The Rachel Incident, a review by Joanna

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The Rachel Incident

Caroline O’Donoghue

368 pages

Published on June 27th, Knopf


This was a bittersweet coming of age story, about a young woman learning about relationships in GFC era Cork, Ireland. I was sent an invitation to read it by the publisher, because it’s been compared to Tomorrow, and Tomorrow, and Tomorrow – which was my favourite book of 2022; the email even includes an endorsement by Gabrielle Zevin, and it’s set around a book shop, so how could I resist? Unfortunately, and rather predictably, this doesn’t quite match up – mostly because the characters are not nearly as appealing, but I still became immersed in Rachel’s story and finished it in a day.

Rachel is a heavily pregnant London journalist who is prompted to reflect on the events of her youth by news about an important figure from her past. As a final year English Literature student, she meets James in the bookshop where they both work part time, and they become best friends. Insecure and awkward, she has a huge crush on her married college professor, and together they conspire for her to seduce him a his book launch – but things don’t go according to plan, and the consequences of this end up changing her life…
Other reviewers have compared this to Normal People – with a dash of Bridget Jones’ Diary, and I can see why. Young Rachel’s behaviour is off-putting but poignantly understandable: “On top of all that, he was the only man I’d met who made me feel petite, and to feel protective over someone who physically towers over you is a hell of a drug.” I’m sure we’ve all done things we look back on with shame and regret, and I liked that we do get to meet her all grown up. This is an Irish story so it’s basically about the complicated hypocritical conflicts about sexuality, sexual behaviour, shame, and of course, abortion. The three significant men in her life at the time, James, Fred, and Carey, all behave abysmally,  but as ever, the woman is to blame and pays the price. There’s also a lot about the difficulties faced by young people during the financial crisis – middle class Rachel finds herself with an apparently useless degree after struggling to pay for university, a situation which will resonate with many people I imagine.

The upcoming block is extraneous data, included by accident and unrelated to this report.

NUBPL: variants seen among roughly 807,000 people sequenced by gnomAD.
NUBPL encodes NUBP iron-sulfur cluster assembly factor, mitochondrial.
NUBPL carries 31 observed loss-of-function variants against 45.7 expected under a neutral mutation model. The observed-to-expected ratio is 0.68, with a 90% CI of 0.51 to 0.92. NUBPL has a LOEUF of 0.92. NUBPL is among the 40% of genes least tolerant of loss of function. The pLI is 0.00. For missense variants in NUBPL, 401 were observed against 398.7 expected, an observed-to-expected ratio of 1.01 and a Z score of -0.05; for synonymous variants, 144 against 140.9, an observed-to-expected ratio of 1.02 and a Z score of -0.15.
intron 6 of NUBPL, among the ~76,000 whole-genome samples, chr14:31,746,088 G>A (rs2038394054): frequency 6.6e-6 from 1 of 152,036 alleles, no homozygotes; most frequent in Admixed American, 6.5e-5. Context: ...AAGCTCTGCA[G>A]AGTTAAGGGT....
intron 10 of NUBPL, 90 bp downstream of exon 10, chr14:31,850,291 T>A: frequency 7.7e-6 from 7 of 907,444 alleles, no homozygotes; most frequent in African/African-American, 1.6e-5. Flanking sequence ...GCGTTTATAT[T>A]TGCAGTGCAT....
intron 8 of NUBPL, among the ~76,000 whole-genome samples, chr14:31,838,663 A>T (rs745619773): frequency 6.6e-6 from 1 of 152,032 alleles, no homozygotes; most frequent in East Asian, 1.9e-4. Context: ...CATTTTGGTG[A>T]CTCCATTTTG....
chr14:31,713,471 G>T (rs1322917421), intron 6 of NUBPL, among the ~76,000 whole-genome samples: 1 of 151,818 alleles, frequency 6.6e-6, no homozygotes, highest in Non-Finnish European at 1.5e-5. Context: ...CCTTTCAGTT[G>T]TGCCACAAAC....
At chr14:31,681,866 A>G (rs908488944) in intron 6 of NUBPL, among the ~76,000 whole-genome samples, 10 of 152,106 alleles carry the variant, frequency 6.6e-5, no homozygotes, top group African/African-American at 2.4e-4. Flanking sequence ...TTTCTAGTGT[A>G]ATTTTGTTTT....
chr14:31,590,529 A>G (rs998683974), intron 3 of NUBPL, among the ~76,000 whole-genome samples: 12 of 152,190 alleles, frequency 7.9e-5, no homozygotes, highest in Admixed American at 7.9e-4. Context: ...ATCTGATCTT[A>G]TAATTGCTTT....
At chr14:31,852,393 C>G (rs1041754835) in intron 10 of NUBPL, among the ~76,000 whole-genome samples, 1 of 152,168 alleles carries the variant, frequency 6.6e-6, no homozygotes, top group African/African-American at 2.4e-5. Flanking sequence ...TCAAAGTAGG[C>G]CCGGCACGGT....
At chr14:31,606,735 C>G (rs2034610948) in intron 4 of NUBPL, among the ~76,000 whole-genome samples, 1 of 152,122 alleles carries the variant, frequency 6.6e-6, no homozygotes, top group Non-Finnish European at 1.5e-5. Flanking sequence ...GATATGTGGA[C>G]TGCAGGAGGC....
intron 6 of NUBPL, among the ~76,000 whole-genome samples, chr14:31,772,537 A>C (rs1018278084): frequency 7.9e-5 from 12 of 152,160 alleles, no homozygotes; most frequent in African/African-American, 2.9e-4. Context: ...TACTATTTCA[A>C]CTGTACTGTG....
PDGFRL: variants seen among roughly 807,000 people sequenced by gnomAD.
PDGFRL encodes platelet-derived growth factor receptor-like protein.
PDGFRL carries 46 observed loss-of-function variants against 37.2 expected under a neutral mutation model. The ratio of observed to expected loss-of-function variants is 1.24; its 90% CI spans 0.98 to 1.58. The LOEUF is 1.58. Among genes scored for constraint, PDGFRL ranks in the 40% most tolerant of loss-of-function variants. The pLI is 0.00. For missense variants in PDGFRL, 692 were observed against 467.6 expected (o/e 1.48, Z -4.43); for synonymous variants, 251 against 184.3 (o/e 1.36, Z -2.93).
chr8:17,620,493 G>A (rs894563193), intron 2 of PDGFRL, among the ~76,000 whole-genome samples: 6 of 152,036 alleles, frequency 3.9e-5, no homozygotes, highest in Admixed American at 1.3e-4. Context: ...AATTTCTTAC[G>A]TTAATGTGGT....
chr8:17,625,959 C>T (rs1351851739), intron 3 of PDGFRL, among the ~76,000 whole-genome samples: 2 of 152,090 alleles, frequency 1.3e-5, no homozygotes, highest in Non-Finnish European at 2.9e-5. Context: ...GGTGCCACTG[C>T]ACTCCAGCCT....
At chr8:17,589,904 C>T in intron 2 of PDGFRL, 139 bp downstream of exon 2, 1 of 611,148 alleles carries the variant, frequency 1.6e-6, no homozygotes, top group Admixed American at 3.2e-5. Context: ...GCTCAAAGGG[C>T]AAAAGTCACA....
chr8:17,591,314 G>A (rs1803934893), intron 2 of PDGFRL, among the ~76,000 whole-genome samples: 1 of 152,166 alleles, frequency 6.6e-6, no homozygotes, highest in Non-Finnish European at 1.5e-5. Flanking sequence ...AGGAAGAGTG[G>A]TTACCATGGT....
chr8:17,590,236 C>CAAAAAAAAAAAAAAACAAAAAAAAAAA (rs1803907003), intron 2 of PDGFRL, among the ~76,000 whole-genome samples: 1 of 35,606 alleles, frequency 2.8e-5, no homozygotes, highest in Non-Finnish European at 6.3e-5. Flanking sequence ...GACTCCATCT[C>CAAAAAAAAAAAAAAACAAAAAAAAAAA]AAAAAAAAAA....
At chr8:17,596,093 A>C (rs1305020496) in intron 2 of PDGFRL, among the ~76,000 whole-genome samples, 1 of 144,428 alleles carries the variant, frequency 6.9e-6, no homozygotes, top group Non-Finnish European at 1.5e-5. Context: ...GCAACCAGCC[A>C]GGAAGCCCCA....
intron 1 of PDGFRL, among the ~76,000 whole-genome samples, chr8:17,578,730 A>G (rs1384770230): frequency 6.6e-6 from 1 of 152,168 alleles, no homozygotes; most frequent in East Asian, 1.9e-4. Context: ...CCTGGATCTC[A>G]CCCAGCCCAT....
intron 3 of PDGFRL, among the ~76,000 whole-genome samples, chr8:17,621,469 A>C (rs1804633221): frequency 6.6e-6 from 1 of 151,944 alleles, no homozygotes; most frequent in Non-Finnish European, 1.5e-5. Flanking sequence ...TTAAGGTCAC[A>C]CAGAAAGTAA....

I didn’t find it humorous, but neither was it as depressing as you might think.
Thanks to NetGalley and Knopf publishing for the ARC. I am posting this honest review voluntarily.

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